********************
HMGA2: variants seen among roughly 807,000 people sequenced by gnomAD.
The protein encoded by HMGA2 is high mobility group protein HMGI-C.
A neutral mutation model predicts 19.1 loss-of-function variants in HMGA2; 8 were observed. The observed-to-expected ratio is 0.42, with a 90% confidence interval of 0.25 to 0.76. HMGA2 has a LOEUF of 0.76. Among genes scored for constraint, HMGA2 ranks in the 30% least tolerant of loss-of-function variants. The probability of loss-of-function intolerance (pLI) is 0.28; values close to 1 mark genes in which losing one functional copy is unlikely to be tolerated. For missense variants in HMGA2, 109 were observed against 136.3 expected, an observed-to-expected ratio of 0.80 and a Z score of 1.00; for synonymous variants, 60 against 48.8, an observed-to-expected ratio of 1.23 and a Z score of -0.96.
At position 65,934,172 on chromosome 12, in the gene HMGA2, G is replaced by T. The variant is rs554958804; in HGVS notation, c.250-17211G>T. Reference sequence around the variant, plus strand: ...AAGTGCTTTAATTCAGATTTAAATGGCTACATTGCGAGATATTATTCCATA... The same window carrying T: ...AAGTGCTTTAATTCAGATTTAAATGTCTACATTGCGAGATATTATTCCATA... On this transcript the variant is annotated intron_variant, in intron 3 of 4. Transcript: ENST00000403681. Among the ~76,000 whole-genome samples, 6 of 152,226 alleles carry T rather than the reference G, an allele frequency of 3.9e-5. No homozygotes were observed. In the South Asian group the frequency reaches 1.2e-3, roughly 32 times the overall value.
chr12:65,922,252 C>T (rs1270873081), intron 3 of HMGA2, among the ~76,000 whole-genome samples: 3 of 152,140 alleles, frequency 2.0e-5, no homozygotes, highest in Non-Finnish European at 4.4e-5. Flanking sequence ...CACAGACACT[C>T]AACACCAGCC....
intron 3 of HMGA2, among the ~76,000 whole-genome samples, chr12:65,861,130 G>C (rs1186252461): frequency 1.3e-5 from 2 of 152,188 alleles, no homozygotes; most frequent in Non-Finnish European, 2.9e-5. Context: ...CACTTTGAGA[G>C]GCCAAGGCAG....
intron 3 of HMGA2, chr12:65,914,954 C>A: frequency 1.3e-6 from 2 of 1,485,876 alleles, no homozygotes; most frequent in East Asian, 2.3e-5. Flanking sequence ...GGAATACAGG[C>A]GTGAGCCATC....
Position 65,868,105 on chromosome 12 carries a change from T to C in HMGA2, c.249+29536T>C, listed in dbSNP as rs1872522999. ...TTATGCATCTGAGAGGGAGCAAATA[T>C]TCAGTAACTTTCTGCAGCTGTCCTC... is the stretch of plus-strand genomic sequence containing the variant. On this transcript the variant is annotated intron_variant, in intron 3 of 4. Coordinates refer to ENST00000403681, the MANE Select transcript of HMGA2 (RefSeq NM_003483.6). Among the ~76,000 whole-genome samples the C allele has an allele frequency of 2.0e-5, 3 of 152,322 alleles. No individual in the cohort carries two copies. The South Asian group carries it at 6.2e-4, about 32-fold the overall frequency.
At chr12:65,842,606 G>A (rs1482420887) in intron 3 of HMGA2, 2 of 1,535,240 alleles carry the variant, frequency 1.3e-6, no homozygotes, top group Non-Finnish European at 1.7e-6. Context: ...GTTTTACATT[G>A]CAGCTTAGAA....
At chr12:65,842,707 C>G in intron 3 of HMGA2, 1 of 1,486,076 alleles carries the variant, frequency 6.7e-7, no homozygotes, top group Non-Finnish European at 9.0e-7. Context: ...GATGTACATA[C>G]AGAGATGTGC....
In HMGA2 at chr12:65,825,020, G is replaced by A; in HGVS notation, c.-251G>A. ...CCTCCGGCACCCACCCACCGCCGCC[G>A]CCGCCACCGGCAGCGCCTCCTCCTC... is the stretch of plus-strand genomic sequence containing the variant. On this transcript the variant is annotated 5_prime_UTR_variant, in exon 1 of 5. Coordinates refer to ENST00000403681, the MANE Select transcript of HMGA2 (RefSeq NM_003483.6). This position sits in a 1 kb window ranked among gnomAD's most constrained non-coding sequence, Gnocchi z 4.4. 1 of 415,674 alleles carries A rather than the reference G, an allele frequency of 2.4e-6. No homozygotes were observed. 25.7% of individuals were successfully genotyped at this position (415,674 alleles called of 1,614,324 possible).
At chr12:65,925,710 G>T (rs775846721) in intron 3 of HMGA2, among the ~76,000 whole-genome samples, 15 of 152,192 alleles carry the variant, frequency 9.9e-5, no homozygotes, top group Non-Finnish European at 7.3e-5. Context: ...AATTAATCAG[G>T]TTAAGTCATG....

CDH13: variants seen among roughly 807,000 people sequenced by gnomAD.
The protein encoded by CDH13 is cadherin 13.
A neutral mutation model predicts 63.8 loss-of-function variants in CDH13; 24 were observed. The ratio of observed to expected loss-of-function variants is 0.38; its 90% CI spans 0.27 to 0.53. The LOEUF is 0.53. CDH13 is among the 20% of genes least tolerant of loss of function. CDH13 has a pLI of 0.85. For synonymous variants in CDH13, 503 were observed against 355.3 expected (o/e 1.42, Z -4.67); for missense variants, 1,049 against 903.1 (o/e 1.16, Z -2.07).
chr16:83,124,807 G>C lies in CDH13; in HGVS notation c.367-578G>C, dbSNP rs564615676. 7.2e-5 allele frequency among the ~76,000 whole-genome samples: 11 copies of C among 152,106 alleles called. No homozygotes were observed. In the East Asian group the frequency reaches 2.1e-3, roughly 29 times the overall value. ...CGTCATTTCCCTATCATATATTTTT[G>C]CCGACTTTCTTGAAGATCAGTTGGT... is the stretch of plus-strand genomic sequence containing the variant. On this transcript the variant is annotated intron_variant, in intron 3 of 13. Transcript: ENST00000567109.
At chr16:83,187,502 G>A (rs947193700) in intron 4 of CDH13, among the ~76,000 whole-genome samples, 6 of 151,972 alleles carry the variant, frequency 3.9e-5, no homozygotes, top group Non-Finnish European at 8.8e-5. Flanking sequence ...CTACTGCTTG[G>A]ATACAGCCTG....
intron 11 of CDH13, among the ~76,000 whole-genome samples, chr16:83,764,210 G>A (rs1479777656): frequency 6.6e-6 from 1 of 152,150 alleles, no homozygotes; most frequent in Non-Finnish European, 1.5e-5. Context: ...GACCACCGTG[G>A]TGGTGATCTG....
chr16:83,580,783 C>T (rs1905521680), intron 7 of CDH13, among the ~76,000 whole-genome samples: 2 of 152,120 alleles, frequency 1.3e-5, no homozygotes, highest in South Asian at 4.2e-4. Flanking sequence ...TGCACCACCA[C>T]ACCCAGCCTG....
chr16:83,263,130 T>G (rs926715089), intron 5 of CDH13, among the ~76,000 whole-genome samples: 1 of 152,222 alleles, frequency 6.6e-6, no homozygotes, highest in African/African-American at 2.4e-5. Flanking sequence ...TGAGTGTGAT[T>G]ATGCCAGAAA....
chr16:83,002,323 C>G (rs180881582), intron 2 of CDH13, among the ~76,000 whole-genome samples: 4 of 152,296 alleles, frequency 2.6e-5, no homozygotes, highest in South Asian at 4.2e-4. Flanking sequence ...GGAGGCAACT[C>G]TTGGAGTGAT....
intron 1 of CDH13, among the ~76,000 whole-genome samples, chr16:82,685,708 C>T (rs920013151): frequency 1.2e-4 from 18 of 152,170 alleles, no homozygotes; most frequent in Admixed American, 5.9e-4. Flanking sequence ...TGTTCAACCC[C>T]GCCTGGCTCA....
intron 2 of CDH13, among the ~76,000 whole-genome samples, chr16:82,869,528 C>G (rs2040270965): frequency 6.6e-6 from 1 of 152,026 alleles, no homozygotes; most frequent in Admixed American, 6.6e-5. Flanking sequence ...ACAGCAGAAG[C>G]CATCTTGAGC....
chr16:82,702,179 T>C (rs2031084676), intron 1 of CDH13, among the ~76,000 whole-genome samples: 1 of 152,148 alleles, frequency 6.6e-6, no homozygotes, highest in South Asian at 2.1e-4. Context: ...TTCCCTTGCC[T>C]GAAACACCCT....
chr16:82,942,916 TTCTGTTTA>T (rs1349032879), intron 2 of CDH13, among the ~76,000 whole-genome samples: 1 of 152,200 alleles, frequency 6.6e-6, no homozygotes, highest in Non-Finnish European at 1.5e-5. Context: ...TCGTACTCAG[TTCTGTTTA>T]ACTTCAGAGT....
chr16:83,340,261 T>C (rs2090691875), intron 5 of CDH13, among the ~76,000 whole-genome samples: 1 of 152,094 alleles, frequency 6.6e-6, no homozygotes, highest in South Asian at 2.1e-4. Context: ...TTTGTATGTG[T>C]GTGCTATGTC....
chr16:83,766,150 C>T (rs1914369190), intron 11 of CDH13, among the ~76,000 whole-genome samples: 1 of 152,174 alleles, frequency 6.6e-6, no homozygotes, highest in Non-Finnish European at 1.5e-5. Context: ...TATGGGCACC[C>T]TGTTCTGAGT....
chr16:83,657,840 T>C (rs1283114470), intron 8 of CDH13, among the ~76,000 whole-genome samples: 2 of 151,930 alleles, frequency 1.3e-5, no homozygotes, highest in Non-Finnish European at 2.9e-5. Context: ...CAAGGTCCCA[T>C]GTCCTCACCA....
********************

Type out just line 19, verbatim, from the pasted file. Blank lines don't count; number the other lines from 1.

chr16:83,580,783 C>T (rs1905521680), intron 7 of CDH13, among the ~76,000 whole-genome samples: 2 of 152,120 alleles, frequency 1.3e-5, no homozygotes, highest in South Asian at 4.2e-4. Flanking sequence ...TGCACCACCA[C>T]ACCCAGCCTG....